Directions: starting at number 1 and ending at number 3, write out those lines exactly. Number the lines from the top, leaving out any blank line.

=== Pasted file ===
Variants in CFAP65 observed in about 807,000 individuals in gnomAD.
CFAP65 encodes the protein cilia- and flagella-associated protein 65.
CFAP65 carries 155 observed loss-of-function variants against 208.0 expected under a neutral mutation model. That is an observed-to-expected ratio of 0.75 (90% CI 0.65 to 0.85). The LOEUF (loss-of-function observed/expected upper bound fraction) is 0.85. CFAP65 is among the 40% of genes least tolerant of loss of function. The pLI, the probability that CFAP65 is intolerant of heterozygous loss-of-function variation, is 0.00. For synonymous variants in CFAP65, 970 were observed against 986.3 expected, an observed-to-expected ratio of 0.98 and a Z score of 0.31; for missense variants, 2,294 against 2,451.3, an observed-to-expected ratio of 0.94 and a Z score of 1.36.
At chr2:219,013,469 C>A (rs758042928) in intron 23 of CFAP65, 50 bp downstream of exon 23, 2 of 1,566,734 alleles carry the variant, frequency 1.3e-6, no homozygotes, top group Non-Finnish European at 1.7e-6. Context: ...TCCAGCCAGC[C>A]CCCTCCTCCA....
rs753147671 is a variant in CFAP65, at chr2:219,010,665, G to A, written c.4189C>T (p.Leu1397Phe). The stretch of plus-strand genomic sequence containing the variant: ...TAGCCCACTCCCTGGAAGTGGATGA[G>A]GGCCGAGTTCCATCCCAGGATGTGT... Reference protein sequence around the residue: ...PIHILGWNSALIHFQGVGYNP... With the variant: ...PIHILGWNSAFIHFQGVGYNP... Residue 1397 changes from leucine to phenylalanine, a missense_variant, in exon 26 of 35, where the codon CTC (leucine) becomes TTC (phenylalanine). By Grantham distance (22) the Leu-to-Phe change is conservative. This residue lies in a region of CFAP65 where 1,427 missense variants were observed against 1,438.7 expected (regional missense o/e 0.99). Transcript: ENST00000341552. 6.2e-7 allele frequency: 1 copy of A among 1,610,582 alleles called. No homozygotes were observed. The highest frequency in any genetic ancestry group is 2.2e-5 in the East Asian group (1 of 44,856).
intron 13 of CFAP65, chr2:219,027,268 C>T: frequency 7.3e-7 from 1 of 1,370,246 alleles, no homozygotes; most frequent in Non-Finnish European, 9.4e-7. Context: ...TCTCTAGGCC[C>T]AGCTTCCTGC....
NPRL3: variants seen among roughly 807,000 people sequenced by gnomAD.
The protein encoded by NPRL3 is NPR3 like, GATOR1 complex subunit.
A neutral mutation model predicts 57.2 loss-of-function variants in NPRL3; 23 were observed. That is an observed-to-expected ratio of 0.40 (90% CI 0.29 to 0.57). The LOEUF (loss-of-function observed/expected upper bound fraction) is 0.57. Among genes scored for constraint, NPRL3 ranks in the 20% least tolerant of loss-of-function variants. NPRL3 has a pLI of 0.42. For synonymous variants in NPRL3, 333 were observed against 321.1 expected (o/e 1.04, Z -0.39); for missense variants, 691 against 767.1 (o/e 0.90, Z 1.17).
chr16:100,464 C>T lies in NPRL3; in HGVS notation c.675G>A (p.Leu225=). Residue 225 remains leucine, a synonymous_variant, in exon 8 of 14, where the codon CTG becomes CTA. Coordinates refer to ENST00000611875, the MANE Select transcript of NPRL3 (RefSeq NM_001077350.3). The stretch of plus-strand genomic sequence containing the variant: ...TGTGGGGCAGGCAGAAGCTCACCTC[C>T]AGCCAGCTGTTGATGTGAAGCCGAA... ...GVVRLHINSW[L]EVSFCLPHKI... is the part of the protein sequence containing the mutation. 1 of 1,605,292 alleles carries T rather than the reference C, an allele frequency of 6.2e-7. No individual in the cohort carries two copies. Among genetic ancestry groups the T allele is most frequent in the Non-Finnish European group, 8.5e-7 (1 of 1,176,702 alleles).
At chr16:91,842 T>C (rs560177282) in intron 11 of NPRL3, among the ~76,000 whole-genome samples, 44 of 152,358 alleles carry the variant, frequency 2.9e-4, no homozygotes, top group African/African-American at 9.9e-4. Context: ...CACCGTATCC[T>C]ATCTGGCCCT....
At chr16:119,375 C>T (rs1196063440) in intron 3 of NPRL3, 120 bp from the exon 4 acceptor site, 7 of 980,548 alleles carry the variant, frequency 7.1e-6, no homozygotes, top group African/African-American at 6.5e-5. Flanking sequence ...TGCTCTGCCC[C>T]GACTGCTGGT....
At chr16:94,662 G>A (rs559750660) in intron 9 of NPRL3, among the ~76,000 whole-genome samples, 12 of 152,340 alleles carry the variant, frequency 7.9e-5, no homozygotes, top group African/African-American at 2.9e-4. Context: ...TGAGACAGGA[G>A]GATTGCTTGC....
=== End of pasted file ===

Variants in CFAP65 observed in about 807,000 individuals in gnomAD.
CFAP65 encodes the protein cilia- and flagella-associated protein 65.
CFAP65 carries 155 observed loss-of-function variants against 208.0 expected under a neutral mutation model. That is an observed-to-expected ratio of 0.75 (90% CI 0.65 to 0.85). The LOEUF (loss-of-function observed/expected upper bound fraction) is 0.85. CFAP65 is among the 40% of genes least tolerant of loss of function. The pLI, the probability that CFAP65 is intolerant of heterozygous loss-of-function variation, is 0.00. For synonymous variants in CFAP65, 970 were observed against 986.3 expected, an observed-to-expected ratio of 0.98 and a Z score of 0.31; for missense variants, 2,294 against 2,451.3, an observed-to-expected ratio of 0.94 and a Z score of 1.36.